In the following procedures, we'll be using Fleetguard Restore as our cleaning element and replacing the OEM Motorcraft Gold engine coolant with a Fleetguard silicate free ELC formulation. The standard service life of Fleetguard CC36073 ELC is 300,000 miles, compared to Ford's 45,000 mile flush interval.
Some quick notes about the following cooling system flush procedures:
• There are many ways to perform a DIY coolant flush; this is simply our method.
• This technique requires no special equipment but typically uses 25 to 30 gallons of distilled water. For the earlier flush cycles, tap water can be substituted but the "right" way is to use distilled water. Plus, you'll be able to use the plastic jugs to store and recycle your used coolant.
• These procedures require that you use a concentrated engine coolant; this flush technique will NOT work with a premixed solution.
6.0L Power Stroke Coolant Flush & Cooling System Service
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• Locate the drain valve/petcock on the bottom of the driver side of the radiator. The petcock on the factory radiator uses an 8 mm hex key (Allen head). For convenience, you may want to attach a section of 5/16" heater hose or fuel line to the petcock. This reduces splash-back if emptying into a shallow container or can be used in place of a funnel if draining the radiator into 1 gallon containers.
• Remove the degas bottle cap (radiator overflow) and drain the radiator into a suitable container. Note that with each radiator drain, you'll only remove roughly half of the total engine cooling system capacity (~3.5 gallons). Removing the lower radiator hose at the radiator connection drains a few extra quarts.
• Close the petcock and fill the cooling system with water (tap water is an acceptable substitute for distilled water at this stage) through the degas bottle. Once the water level reaches the "MAX" fill indicator on the degas bottle, replace the cap and start the engine.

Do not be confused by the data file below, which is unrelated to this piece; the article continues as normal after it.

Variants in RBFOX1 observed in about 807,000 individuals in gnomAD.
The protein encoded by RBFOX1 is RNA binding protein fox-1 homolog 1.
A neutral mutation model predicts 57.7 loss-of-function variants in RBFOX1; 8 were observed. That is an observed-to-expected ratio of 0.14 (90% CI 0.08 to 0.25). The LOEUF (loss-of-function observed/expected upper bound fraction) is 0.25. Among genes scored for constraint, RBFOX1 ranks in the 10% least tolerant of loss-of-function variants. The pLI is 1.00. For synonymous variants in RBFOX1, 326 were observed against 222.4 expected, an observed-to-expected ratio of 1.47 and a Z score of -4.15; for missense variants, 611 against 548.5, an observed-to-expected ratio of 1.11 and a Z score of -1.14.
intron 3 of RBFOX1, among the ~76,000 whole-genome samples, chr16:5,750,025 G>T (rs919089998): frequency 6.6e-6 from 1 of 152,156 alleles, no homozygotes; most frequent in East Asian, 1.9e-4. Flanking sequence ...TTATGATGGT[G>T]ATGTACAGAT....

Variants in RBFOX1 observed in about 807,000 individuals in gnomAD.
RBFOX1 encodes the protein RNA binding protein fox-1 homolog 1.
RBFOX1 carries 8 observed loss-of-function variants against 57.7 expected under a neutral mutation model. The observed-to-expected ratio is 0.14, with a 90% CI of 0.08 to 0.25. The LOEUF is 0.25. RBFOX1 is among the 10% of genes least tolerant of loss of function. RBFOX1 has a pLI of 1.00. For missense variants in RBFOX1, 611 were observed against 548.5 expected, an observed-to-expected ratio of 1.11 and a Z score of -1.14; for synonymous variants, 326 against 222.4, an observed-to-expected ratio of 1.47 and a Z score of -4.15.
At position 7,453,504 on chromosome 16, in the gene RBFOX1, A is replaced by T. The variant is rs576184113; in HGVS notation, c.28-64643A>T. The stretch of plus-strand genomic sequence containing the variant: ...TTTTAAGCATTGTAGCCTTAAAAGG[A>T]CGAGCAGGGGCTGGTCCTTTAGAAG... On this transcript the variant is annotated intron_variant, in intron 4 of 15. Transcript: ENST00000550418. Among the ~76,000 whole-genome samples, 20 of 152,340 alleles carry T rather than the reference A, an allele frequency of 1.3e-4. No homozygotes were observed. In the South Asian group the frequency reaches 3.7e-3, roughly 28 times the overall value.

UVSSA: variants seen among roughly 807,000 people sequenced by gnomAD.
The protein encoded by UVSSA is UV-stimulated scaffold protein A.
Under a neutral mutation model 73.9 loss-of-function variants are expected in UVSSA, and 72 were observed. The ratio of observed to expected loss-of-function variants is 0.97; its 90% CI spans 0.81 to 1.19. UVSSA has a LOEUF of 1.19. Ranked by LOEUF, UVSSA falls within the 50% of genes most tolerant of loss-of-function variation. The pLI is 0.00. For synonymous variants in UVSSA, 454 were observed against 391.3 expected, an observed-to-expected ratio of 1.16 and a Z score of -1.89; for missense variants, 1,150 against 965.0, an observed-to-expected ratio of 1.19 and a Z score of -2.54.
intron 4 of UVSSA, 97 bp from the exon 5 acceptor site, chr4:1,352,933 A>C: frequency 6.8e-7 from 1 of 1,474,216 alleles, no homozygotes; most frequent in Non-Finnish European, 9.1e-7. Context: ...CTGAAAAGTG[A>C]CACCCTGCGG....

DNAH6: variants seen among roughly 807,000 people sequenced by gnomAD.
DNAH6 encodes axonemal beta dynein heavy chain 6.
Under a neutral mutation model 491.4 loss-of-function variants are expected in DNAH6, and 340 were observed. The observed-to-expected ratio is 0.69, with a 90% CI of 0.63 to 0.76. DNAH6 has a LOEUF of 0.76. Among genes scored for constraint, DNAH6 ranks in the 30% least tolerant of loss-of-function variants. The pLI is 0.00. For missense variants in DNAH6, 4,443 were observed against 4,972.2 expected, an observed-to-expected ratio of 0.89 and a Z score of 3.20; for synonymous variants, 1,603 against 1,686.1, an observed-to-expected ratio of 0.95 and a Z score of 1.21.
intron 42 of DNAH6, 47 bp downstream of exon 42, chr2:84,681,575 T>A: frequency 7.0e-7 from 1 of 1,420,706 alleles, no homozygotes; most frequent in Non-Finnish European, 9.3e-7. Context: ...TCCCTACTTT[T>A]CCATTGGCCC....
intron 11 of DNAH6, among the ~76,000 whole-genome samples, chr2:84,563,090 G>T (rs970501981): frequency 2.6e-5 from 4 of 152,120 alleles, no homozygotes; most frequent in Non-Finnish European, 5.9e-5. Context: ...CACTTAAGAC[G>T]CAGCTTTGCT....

• Allow the engine to reach operating temperature by taking the truck for a short drive, then park the truck and allow the engine to cool. During this and all subsequent flush cycles, the defroster should be turned on in order to maximize coolant flow through the heater core.
WARNING - ENGINE COOLANT REACHES A NORMAL OPERATING TEMPERATURE OF ~ 200 °F. ALWAYS ALLOW AN ENGINE TO COOL COMPLETELY BEFORE ATTEMPTING TO DRAIN THE COOLING SYSTEM OR PRIOR TO REMOVING THE RADIATOR OVERLFLOW/DEGAS BOTTLE CAP. SERIOUS INJURY MAY OTHERWISE OCCUR.
• Drain the radiator once more, then add the appropriate amount of flush/cleaning solution and fill the remainder of the cooling system with water (tap water is an acceptable substitute for distilled water at this stage). Next, follow the directions as outlined by the cooling system flush manufacturer. We use and highly recommend Fleetguard Restore, which requires that the engine be run at operating temperature for 60 to 90 minutes (frequent short drives keep the operating temperature up, as it will drop quickly if left to idle).